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Jurassic Quest
The Tyrannosaurus rex is one of the most familiar of the dinosaurs. It and three-quarters of all life on Earth disappeared with a “cataclysmic event” 66 million years ago. See this one at Jurassic Quest at the Del Mar Fairgrounds through Jan. 10. Photo by Jerry Ondash
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Hit the Road: Prehistoric creatures of Jurassic Quest inhabit fairgrounds

Dinosaurs with feathers? Giant sea snails? Toothless, airborne dinosaurs with hollow bones?

Who knew?

For one, the visitors around the country who have cruised the Jurassic Quest Drive Thru, a touring exhibit that features more than 70 life-size, animated prehistoric dinosaurs and undersea creatures, large and small. These same creatures will inhabit the Del Mar Fairgrounds through Jan. 10 (closed Jan. 4 and Jan. 5).

This is the eighth year for the touring exhibit, but the first time Jurassic Quest has been designed as an outdoor drive-through, explained “Dino Dustin” Baker, spokesperson for Jurassic Quest and all its creatures. 

“It was originally designed to be a walk-through exhibit indoors, but we had to pivot with the pandemic,” Baker said.

Jurassic Quest Fairgrounds
This dinosaur duo is one of more than 70 giant dinosaur re-creations that currently reside at the Del Mar Fairgrounds. Normally an inside event, the exhibit was re-tooled for the outdoors to meet pandemic requirements. Photo by Jerry Ondash

Since it launched the national tour in mid-July, the Jurassic Quest experience has been visited by more than 250,000 cars and one million people, according to the press release. Once visitors are through the gate, they can tune in to a narration on their cell phones (signs will provide a prompt).

As they slowly drive by, the many ginormous creatures move their heads, tails, arms and gaping mouths, most filled with razor-sharp teeth in search of prey. The drive takes about an hour.

We arrived before 8 a.m. New Year’s Day and Baker had his hands full fulfilling media requests for interviews. Throughout the exhibit, workers were busy setting up the gift shop, replete with colorful inflatable dinosaurs of all types and sizes, while others were checking the various dinosaurs making sure all parts were working.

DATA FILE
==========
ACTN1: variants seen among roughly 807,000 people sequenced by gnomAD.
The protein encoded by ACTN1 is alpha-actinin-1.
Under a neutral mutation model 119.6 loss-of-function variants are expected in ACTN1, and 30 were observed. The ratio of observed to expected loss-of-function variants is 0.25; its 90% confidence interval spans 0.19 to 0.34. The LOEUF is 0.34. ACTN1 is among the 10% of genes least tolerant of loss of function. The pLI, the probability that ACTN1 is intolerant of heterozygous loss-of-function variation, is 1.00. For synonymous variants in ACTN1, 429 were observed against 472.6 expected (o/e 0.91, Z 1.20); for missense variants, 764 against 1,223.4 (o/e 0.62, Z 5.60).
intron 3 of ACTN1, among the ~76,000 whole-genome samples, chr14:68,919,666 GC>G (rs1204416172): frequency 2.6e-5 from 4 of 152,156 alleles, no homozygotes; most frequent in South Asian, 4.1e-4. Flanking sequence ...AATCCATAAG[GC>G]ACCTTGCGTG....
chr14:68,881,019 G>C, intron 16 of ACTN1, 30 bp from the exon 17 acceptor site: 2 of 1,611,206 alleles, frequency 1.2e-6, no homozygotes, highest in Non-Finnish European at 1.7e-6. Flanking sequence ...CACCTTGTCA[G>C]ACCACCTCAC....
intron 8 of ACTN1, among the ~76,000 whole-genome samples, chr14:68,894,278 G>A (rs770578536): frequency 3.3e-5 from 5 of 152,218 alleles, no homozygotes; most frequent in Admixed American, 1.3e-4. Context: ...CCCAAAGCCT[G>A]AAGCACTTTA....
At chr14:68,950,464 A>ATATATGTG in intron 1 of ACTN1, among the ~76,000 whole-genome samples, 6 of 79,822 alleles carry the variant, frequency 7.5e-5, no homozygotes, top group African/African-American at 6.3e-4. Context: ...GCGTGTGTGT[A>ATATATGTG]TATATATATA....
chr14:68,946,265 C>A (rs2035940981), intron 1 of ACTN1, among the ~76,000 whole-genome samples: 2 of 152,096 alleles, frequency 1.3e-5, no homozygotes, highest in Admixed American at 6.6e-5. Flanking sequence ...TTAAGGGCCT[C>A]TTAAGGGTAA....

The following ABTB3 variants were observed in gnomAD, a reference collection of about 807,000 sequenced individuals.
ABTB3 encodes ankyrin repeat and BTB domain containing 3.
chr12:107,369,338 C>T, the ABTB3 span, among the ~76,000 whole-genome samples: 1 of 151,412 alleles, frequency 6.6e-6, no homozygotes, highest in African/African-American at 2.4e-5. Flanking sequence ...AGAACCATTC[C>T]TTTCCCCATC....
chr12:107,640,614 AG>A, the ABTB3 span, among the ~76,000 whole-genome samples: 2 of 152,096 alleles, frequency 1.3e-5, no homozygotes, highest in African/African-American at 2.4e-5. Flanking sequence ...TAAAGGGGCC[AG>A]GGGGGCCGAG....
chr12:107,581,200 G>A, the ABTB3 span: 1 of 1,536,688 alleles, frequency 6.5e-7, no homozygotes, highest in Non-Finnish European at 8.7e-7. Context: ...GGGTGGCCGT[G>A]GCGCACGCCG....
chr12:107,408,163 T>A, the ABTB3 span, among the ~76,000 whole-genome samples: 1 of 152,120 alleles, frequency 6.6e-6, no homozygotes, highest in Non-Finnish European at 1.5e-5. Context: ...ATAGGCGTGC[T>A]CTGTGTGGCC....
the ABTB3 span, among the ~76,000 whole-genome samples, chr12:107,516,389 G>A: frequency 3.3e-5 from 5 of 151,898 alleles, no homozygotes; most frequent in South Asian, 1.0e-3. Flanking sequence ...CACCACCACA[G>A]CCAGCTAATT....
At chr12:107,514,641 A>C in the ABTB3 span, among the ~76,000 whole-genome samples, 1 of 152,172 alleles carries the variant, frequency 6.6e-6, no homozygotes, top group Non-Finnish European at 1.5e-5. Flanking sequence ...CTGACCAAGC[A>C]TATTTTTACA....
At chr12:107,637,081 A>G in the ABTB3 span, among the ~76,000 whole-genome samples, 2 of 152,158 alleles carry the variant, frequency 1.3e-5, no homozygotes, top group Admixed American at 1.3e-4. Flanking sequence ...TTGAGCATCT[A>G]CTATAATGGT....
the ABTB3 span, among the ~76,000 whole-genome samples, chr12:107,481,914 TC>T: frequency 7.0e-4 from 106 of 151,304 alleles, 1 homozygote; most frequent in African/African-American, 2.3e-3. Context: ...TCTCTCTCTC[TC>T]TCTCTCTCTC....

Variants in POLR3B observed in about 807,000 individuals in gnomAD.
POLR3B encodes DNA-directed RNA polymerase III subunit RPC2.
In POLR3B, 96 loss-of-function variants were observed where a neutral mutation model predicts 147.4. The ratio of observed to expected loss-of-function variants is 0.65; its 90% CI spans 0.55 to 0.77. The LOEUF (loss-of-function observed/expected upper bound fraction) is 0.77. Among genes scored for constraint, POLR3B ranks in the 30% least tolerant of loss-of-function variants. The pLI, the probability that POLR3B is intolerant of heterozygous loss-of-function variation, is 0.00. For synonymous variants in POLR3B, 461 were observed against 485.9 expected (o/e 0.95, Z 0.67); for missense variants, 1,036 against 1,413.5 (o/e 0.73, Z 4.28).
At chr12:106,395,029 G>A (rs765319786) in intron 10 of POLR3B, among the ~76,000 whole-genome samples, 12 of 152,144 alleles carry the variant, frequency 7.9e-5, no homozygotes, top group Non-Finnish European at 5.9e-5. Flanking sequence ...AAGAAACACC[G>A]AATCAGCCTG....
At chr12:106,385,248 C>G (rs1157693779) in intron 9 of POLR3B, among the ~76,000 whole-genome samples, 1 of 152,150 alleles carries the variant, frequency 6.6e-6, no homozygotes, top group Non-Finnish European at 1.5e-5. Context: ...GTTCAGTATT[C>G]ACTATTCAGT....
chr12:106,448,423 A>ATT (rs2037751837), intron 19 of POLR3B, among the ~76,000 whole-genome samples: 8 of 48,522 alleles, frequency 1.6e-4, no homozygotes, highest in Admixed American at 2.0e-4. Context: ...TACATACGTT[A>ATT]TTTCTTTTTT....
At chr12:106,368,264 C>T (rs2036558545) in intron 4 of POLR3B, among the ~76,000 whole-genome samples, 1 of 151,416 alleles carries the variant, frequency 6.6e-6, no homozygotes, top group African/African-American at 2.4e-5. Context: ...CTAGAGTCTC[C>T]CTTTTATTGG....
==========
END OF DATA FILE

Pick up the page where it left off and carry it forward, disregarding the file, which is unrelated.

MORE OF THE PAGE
Jurassic Quest
With a name that means “big tooth,” megalodons lived between 3.6 million to 23 million years ago. Like all the animatronic dinosaurs that appear in the traveling exhibit Jurassic Quest, this one is life-size and was built in consultation with paleontologists. Photo by Jerry Ondash

Among them were Tyrannosaurus rex, Raptors, Triceratops, Spinosaurus and a whole bunch of other prehistoric creatures that you’ve probably never heard of or seen. There’s the toothless Quetzalcoatlus, a flying dinosaur similar to the pterodactyl but a whole bunch bigger. In fact, it’s the largest known flying animal ever. 

And there’s the liopleurodon, a carnivorous, marine reptile that grew as large as 82 feet long and weighed up to 3,700 pounds.

You’ll also meet the Qianzhousaurus, who started a new branch of the Tyrannosaur family. Because of his elongated snout, paleontologists in this country nicknamed him Pinocchio Rex.

According to Baker, whose job combines his love of acting and boyhood fascination with dinosaurs, all of the animatronic dinosaurs for Jurassic Quest are custom-made in consultation with paleontologists. 

“We work with paleontologists and always replace (older models) with the newest known dinosaurs,” he said.

Jurassic Quest
This Apatosaurus lived about 150 million years ago, ate only plants, and could be as long as 75 feet. Fossils have been found in Colorado, Oklahoma, New Mexico, Wyoming, and Utah. Photo by E’Louise Ondash

Jurassic Quest is open from 9 a.m. to 8 p.m. daily.  $49/per car for up to eight people. A group photo is included in the price of admission. To purchase tickets and reserve a time, visit www.JurassicQuest.com.

All visitors must have their temperatures taken and wear masks until they pass through the entry gate. The audio tour is available in both English and Spanish, and special accommodations can be made for the hearing-impaired. A list of frequently asked questions can be found here.

For more photos and videos, visit www.facebook.com/elouise.ondash

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